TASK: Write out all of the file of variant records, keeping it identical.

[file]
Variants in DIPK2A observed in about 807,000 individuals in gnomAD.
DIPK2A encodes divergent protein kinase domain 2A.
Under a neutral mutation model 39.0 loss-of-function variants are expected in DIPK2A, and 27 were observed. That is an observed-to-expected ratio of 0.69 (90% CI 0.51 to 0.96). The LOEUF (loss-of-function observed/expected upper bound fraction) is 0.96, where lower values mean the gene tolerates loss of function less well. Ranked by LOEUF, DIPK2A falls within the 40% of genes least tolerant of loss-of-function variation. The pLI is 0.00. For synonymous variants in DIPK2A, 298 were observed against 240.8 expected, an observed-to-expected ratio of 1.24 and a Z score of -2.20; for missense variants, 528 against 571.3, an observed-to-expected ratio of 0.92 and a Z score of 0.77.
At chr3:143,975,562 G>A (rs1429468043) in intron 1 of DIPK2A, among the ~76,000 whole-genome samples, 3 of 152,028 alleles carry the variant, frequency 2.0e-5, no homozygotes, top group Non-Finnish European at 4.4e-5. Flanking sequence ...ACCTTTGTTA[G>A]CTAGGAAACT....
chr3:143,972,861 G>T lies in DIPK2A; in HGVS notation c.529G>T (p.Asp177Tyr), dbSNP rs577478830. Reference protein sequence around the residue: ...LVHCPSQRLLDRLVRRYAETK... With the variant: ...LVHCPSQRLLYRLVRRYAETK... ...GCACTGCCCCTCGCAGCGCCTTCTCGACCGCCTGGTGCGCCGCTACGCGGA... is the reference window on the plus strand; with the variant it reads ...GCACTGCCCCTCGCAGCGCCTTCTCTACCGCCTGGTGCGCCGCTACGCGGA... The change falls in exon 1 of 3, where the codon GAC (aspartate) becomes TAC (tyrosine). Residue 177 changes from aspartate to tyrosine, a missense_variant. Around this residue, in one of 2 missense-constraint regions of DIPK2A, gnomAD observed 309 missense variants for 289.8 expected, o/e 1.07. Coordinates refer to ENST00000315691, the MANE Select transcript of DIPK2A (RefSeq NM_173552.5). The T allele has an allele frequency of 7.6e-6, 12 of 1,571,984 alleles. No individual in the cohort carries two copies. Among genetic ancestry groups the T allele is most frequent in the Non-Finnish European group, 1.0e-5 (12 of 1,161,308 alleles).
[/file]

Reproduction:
Variants in DIPK2A observed in about 807,000 individuals in gnomAD.
DIPK2A encodes divergent protein kinase domain 2A.
Under a neutral mutation model 39.0 loss-of-function variants are expected in DIPK2A, and 27 were observed. That is an observed-to-expected ratio of 0.69 (90% CI 0.51 to 0.96). The LOEUF (loss-of-function observed/expected upper bound fraction) is 0.96, where lower values mean the gene tolerates loss of function less well. Ranked by LOEUF, DIPK2A falls within the 40% of genes least tolerant of loss-of-function variation. The pLI is 0.00. For synonymous variants in DIPK2A, 298 were observed against 240.8 expected, an observed-to-expected ratio of 1.24 and a Z score of -2.20; for missense variants, 528 against 571.3, an observed-to-expected ratio of 0.92 and a Z score of 0.77.
At chr3:143,975,562 G>A (rs1429468043) in intron 1 of DIPK2A, among the ~76,000 whole-genome samples, 3 of 152,028 alleles carry the variant, frequency 2.0e-5, no homozygotes, top group Non-Finnish European at 4.4e-5. Flanking sequence ...ACCTTTGTTA[G>A]CTAGGAAACT....
chr3:143,972,861 G>T lies in DIPK2A; in HGVS notation c.529G>T (p.Asp177Tyr), dbSNP rs577478830. Reference protein sequence around the residue: ...LVHCPSQRLLDRLVRRYAETK... With the variant: ...LVHCPSQRLLYRLVRRYAETK... ...GCACTGCCCCTCGCAGCGCCTTCTCGACCGCCTGGTGCGCCGCTACGCGGA... is the reference window on the plus strand; with the variant it reads ...GCACTGCCCCTCGCAGCGCCTTCTCTACCGCCTGGTGCGCCGCTACGCGGA... The change falls in exon 1 of 3, where the codon GAC (aspartate) becomes TAC (tyrosine). Residue 177 changes from aspartate to tyrosine, a missense_variant. Around this residue, in one of 2 missense-constraint regions of DIPK2A, gnomAD observed 309 missense variants for 289.8 expected, o/e 1.07. Coordinates refer to ENST00000315691, the MANE Select transcript of DIPK2A (RefSeq NM_173552.5). The T allele has an allele frequency of 7.6e-6, 12 of 1,571,984 alleles. No individual in the cohort carries two copies. Among genetic ancestry groups the T allele is most frequent in the Non-Finnish European group, 1.0e-5 (12 of 1,161,308 alleles).